The frenzy this week in anticipation of the arrival of hundreds of thousands of iPads (s aapl) is as expected. Countless individuals are checking the delivery status of their iPad(s) and wishing it would “just get here already.” There hype is in overdrive, and it’s close to the time where we see if it’s justified or not. One of the questions being asked is how Apple will impact the e-book game with its iBooks app and iBookstore. I believe both will have a huge impact, but not just for Apple’s own retail operation. The iPad will be the only universal e-book reader — able to buy and access paid content from all the major e-book sellers.
Amazon (s amzn) set the stage for iPad dominance in the e-book world with the Kindle for iPhone app. It allows customers to browse the Amazon Kindle bookstore, buy books and then read them on the phone. Those who use Kindle for iPhone praise the ability to read Kindle books without Kindle hardware. It’s good for Amazon, as it is in the business of selling books, and even though Amazon would like to sell you a Kindle reader, it’s happy selling you books.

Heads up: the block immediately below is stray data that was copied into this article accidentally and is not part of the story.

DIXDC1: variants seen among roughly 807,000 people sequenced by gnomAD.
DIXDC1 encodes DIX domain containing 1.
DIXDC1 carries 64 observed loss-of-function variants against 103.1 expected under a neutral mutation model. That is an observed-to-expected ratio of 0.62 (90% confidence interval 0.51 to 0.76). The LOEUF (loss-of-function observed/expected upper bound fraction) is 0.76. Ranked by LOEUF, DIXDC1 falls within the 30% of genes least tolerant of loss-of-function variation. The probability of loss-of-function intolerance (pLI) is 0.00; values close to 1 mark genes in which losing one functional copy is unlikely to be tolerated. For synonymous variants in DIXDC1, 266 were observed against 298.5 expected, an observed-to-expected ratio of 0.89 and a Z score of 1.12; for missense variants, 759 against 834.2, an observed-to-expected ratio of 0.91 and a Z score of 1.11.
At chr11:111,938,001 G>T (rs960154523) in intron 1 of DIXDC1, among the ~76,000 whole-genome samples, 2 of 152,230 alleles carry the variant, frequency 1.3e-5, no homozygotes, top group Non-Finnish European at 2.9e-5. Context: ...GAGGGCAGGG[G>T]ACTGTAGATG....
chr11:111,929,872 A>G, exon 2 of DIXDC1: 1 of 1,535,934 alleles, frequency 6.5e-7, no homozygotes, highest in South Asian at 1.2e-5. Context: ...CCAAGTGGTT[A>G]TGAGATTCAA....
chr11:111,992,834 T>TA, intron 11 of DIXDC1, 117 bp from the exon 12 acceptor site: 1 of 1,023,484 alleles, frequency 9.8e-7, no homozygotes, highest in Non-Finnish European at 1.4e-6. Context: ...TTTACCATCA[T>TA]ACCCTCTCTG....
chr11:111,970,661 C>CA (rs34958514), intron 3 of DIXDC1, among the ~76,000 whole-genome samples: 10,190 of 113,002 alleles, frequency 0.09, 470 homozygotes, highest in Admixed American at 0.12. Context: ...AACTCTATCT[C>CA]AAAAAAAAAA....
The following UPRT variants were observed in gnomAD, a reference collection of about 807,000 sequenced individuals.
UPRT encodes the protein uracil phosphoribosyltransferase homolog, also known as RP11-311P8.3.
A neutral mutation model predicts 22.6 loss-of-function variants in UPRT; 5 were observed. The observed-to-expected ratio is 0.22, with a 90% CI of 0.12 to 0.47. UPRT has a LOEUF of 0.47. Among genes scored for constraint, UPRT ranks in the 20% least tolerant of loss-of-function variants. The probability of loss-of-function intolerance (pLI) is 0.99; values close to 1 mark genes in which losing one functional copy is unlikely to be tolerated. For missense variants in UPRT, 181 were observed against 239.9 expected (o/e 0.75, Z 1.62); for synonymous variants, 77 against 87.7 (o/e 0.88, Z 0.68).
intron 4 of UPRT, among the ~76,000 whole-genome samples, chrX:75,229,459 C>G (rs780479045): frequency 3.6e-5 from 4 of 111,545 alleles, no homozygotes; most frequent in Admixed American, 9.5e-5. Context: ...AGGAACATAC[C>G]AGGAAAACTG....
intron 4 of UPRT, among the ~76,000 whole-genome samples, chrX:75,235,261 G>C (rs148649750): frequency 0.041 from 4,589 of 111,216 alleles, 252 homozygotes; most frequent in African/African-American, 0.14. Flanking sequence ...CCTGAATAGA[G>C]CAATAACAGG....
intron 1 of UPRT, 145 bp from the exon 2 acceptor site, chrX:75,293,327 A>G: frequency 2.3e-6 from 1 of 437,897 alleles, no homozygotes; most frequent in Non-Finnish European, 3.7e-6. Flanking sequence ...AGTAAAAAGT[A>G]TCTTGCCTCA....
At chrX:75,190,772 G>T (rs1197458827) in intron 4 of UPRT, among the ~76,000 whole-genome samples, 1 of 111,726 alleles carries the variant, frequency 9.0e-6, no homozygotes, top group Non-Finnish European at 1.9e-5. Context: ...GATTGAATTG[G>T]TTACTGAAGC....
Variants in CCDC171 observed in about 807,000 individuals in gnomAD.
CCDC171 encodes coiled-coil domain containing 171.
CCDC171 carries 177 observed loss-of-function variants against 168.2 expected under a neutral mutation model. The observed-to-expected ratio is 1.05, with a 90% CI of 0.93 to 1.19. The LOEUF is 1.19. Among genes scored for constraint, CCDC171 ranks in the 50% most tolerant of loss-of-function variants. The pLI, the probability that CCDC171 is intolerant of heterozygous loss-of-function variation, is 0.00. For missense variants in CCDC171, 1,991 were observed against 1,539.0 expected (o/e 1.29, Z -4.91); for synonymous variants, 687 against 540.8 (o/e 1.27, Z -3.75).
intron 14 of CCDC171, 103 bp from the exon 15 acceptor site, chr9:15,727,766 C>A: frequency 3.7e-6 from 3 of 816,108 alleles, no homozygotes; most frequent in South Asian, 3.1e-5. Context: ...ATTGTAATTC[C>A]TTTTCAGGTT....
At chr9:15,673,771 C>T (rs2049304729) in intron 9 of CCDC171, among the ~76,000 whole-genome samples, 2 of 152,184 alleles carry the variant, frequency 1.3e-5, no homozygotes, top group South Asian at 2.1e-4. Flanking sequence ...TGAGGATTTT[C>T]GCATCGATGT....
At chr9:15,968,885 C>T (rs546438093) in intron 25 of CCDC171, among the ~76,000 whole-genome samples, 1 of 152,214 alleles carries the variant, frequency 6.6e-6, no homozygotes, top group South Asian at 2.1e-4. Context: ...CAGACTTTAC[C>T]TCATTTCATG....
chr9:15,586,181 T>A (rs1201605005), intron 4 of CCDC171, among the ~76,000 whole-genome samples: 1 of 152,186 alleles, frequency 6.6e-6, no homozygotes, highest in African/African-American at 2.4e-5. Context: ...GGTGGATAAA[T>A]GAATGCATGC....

This is going to ramp up when the iPad hits consumer hands, and the Kindle for iPad app becomes available. The iPad will be a far better e-book reader than the iPhone, and even owners who’ve shied away from reading on the iPhone are going to give the iPad a try. They will discover that the iPad is a very good e-book reader, and they’ll happily buy Kindle books for the iPad.
The same is going to happen with Barnes & Noble (s bks), as it is in the same position as Amazon. Its reader app also allows iPhone owners to give e-book reading a try. B&N is going to produce an iPad reader version, and I expect it will sell quite a few books on the slate. That’s good for iPad owners, and good for the bookseller too. The folks at Kobo will have an iPad reader like the others. Kobo is the operation running the online bookstore for Borders (s bgp), and will power other bookstores too. Its iPad reader will support shopping for books along and reading them, too.
The bottom line is the iPad is going to have a tremendous impact on the e-book business, no matter what the iBookstore does. Dedicated e-book readers like the Kindle and Nook can only buy books from the seller’s own store. Owners of the iPad will be able to shop at all of the major online e-book retailers. The iPad will be the only universal e-book reader that can handle paid content from just about anywhere, and that will be a game changer.
Images courtesy of Apple.
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